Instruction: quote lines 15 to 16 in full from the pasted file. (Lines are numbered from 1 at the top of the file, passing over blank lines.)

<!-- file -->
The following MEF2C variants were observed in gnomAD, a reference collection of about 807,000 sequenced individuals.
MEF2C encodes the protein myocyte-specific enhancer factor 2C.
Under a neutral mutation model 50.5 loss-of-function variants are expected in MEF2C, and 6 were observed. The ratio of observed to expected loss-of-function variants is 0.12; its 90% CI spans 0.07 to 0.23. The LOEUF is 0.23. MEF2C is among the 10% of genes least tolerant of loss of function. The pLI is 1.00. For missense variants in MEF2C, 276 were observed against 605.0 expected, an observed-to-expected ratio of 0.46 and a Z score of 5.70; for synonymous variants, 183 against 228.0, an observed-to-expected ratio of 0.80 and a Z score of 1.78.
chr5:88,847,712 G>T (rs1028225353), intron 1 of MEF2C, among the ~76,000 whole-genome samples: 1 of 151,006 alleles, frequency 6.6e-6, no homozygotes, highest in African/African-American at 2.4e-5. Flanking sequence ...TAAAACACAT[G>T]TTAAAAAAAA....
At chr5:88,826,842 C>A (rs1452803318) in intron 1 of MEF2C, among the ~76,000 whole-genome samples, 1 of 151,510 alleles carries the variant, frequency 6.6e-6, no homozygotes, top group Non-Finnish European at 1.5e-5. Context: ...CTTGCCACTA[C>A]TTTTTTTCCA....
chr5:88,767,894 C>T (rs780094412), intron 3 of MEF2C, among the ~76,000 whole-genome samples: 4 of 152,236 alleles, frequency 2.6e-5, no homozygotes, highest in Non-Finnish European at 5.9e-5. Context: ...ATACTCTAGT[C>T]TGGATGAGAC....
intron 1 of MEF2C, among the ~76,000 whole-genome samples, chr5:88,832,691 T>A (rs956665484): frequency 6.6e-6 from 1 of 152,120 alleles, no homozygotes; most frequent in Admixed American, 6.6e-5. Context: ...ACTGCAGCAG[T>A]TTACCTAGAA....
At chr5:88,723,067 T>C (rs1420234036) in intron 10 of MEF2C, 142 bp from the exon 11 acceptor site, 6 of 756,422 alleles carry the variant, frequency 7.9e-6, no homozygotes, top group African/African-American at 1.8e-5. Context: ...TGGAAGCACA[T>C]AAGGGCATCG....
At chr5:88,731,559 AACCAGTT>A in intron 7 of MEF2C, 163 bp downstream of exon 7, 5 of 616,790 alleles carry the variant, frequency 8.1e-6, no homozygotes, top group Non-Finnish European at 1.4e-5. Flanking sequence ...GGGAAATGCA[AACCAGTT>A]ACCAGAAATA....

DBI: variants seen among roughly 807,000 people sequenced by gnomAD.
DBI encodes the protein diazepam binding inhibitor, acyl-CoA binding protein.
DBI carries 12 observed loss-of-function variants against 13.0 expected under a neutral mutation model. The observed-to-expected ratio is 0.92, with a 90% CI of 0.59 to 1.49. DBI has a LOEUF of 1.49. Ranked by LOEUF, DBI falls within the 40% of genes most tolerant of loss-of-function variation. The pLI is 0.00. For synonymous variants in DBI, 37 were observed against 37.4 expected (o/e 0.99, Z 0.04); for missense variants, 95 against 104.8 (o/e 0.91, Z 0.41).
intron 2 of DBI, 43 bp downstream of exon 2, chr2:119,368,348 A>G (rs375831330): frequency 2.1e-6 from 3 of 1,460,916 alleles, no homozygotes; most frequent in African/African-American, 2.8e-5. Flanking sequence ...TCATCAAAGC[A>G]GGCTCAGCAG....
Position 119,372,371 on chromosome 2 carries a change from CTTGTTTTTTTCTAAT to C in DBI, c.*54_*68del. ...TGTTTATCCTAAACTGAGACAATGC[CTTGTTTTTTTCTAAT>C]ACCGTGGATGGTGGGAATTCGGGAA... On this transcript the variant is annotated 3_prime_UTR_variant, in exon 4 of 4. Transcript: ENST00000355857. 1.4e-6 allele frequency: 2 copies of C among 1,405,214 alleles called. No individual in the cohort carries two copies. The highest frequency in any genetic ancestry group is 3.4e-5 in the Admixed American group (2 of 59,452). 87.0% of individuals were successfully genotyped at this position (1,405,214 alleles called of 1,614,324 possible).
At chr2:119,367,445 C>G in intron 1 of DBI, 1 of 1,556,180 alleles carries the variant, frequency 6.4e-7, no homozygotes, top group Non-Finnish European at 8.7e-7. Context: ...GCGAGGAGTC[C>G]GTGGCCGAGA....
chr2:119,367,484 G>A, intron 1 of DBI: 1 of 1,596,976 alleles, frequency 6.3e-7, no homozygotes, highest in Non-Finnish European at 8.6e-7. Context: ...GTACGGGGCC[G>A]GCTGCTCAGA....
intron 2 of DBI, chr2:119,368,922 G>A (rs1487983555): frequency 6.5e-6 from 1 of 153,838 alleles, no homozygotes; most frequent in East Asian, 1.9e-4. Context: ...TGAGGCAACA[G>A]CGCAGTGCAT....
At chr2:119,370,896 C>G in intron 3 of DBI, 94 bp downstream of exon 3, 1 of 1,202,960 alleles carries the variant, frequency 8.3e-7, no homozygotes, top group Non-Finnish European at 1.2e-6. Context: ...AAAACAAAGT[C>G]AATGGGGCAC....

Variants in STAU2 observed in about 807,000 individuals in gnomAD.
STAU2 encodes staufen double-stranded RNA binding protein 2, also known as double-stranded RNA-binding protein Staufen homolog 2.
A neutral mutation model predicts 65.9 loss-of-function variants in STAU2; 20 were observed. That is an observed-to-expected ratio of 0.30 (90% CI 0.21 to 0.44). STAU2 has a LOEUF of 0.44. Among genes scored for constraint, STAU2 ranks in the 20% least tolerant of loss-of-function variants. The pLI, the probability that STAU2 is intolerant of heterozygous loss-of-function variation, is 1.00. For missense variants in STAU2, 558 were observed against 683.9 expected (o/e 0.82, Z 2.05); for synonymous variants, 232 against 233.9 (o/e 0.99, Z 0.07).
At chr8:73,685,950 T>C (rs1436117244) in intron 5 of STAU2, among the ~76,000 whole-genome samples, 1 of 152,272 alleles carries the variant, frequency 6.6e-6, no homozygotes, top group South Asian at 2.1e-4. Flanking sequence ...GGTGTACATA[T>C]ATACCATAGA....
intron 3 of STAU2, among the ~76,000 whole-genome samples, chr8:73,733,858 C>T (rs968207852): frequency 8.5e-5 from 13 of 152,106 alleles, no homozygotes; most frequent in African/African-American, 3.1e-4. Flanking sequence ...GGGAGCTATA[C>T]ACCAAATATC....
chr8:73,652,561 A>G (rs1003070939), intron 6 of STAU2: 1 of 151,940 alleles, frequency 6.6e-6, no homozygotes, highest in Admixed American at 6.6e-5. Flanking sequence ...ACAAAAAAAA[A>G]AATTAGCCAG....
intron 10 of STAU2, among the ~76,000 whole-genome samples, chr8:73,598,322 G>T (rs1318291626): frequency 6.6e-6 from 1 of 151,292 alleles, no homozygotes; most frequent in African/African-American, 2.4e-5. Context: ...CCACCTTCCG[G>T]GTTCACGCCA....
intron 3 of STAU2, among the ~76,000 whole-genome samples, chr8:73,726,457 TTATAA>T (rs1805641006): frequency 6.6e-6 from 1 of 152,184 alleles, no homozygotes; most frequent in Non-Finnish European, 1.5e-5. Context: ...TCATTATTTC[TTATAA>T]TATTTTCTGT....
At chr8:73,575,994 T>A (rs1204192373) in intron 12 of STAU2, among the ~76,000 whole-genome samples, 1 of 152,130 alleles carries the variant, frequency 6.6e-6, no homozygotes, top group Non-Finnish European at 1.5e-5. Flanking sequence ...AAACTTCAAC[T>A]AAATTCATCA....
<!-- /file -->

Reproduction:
At chr2:119,367,445 C>G in intron 1 of DBI, 1 of 1,556,180 alleles carries the variant, frequency 6.4e-7, no homozygotes, top group Non-Finnish European at 8.7e-7. Context: ...GCGAGGAGTC[C>G]GTGGCCGAGA....
chr2:119,367,484 G>A, intron 1 of DBI: 1 of 1,596,976 alleles, frequency 6.3e-7, no homozygotes, highest in Non-Finnish European at 8.6e-7. Context: ...GTACGGGGCC[G>A]GCTGCTCAGA....